69. Iwamoto K, Brachwitz F, Nomoto K, Kishimoto N, Umeda H, Hix WR, Thielemann FK (1999) Nucleosynthesis in Chandrasekhar mass models for type ia supernovae and constraints on progenitor systems and burning-front propagation. Astrophys J Suppl 125:439–462. arXiv:astro-ph/0002337 ADSCrossRefGoogle Scholar
  70. Jappsen AK, Klessen RS, Larson RB, Li Y, Mac Low MM (2005) The stellar mass spectrum from non-isothermal gravoturbulent fragmentation. Astron Astrophys 435:611–623. https://doi.org/10.1051/0004-6361:20042178, astro-ph/0410351 ADSCrossRefGoogle Scholar
  71. Jones A (2009) The role of dust in the interstellar medium: dust sources and dust evolution. In: Pagani L, Gerin M (eds) EAS publications series, vol 34, pp 107–118.  https://doi.org/10.1051/eas:0934008 CrossRefGoogle Scholar
  72. Jurić M, Ivezić Ž, Brooks A, Lupton RH, Schlegel D, Finkbeiner D, Padmanabhan N, Bond N, Sesar B, Rockosi CM, Knapp GR, Gunn JE, Sumi T, Schneider DP, Barentine JC, Brewington HJ, Brinkmann J, Fukugita M, Harvanek M, Kleinman SJ, Krzesinski J, Long D, Neilsen EH Jr, Nitta A, Snedden SA, York DG (2008) The milky way tomography with sdss. i. Stellar number density distribution. Astrophys J 673:864–914ADSCrossRefGoogle Scholar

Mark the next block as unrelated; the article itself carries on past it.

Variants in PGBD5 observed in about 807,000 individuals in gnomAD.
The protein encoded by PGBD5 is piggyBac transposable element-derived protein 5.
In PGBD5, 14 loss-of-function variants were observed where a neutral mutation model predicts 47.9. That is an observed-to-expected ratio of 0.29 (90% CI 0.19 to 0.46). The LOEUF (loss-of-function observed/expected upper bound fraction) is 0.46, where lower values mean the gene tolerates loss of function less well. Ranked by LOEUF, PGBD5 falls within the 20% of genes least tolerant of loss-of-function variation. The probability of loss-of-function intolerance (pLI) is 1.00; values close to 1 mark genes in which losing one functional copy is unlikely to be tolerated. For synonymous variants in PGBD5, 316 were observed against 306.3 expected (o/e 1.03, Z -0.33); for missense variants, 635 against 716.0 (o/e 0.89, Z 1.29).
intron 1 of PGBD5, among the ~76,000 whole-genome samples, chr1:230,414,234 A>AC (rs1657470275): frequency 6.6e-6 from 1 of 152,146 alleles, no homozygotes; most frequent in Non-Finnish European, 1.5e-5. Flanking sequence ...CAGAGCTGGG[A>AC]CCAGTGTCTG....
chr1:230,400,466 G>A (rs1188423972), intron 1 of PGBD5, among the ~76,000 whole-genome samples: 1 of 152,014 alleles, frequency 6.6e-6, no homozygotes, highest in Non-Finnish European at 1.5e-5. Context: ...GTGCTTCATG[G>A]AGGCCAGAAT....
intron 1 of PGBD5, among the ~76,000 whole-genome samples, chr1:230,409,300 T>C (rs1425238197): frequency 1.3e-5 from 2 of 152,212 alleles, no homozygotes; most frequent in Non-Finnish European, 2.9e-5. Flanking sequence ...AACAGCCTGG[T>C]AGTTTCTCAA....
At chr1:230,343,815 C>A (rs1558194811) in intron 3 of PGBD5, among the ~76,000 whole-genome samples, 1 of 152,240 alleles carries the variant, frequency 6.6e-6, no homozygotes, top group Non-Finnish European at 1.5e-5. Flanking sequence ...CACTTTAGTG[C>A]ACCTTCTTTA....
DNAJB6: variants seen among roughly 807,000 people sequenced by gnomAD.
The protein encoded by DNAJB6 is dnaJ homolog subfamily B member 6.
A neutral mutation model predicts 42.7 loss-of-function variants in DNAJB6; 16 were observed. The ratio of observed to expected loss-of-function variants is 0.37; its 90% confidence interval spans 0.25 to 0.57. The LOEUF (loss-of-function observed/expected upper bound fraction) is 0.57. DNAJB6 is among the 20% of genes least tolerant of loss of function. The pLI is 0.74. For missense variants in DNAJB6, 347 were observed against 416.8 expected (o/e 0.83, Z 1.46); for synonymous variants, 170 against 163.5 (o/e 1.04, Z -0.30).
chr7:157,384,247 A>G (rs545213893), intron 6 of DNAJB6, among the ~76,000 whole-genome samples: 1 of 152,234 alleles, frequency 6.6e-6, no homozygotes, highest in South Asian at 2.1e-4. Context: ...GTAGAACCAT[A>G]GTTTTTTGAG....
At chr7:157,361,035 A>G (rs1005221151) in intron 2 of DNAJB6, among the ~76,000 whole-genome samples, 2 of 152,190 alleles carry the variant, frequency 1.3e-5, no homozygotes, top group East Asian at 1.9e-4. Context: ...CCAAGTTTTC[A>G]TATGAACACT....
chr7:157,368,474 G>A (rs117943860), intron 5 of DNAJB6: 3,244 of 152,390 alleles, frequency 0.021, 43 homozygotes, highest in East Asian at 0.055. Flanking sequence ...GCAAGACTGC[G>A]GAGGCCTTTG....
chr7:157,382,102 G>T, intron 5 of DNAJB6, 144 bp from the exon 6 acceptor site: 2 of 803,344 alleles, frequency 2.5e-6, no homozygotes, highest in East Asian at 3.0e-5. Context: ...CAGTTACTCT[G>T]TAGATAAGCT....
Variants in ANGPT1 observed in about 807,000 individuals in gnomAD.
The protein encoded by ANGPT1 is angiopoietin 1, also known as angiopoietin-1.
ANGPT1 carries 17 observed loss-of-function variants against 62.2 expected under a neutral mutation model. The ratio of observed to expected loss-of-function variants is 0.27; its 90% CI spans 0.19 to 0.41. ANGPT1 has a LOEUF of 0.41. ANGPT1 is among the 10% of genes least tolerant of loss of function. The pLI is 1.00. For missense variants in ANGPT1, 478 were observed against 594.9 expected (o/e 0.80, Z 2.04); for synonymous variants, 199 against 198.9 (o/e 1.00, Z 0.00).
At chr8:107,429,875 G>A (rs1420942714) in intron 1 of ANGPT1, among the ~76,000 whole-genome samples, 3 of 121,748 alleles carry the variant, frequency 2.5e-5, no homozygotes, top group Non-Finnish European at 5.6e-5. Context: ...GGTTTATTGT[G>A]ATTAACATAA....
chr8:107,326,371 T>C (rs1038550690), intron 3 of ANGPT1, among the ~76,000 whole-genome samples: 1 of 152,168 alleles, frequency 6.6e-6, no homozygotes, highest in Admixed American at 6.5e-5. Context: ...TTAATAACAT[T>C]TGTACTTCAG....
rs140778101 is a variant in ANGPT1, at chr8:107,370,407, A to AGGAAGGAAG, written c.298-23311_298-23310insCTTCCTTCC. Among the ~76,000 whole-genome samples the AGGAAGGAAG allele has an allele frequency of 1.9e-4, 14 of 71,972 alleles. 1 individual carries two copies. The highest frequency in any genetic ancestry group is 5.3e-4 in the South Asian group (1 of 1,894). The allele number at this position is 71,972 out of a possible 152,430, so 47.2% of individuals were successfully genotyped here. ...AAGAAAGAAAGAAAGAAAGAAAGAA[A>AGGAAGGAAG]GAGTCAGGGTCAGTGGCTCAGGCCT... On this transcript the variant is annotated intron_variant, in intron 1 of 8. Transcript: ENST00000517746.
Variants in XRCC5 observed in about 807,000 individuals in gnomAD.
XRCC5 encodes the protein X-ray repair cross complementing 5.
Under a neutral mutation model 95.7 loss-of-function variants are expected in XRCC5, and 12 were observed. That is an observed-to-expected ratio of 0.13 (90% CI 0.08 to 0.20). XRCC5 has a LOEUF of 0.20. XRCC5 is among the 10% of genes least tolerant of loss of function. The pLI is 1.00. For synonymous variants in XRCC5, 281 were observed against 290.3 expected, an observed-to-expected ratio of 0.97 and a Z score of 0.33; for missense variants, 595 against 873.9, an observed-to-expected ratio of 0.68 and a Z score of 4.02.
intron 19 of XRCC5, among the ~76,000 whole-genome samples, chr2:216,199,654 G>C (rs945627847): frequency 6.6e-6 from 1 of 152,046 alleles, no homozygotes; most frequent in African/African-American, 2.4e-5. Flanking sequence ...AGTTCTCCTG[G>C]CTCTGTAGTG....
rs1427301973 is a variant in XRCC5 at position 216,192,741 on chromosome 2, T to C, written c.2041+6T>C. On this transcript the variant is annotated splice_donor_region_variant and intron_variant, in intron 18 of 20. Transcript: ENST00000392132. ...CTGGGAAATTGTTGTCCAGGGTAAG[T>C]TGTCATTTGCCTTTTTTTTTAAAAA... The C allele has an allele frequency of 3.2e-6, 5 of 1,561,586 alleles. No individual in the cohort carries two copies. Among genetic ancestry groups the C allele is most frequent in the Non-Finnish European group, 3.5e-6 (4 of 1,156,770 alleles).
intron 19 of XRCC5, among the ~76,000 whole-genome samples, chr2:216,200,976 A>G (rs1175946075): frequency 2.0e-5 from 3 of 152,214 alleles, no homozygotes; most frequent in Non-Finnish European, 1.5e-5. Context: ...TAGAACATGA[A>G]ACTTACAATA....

73. Kalberla PMW, Dedes L (2008) Global properties of the HI distribution in the outer Milky Way. ArXiv e-prints 804. 0804.4831 ADSGoogle Scholar
  74. Kazantzidis S, Kravtsov AV, Zentner AR, Allgood B, Nagai D, Moore B (2004) The effect of gas cooling on the shapes of dark matter halos. Astrophys J 611:L73–L76. https://doi.org/10.1086/423992, astro-ph/0405189 ADSCrossRefGoogle Scholar
  75. Kennicutt RC Jr (1998) Star formation in Galaxies along the hubble sequence. Annu Rev Astron Astrophys 36:189–232.  https://doi.org/10.1146/annurev.astro.36.1.189, arXiv:astro-ph/9807187 ADSCrossRefGoogle Scholar
  76. Kroupa P (2002) The initial mass function of stars: evidence for uniformity in variable systems. Science 295:82–91.  https://doi.org/10.1126/science.1067524, arXiv:astro-ph/0201098 ADSCrossRefGoogle Scholar
  77. Kroupa P, Weidner C, Pflamm-Altenburg J, Thies I, Dabringhausen J, Marks M, Maschberger T (2013) The stellar and sub-stellar initial mass function of simple and composite populations, p 115. https://doi.org/10.1007/978-94-007-5612-0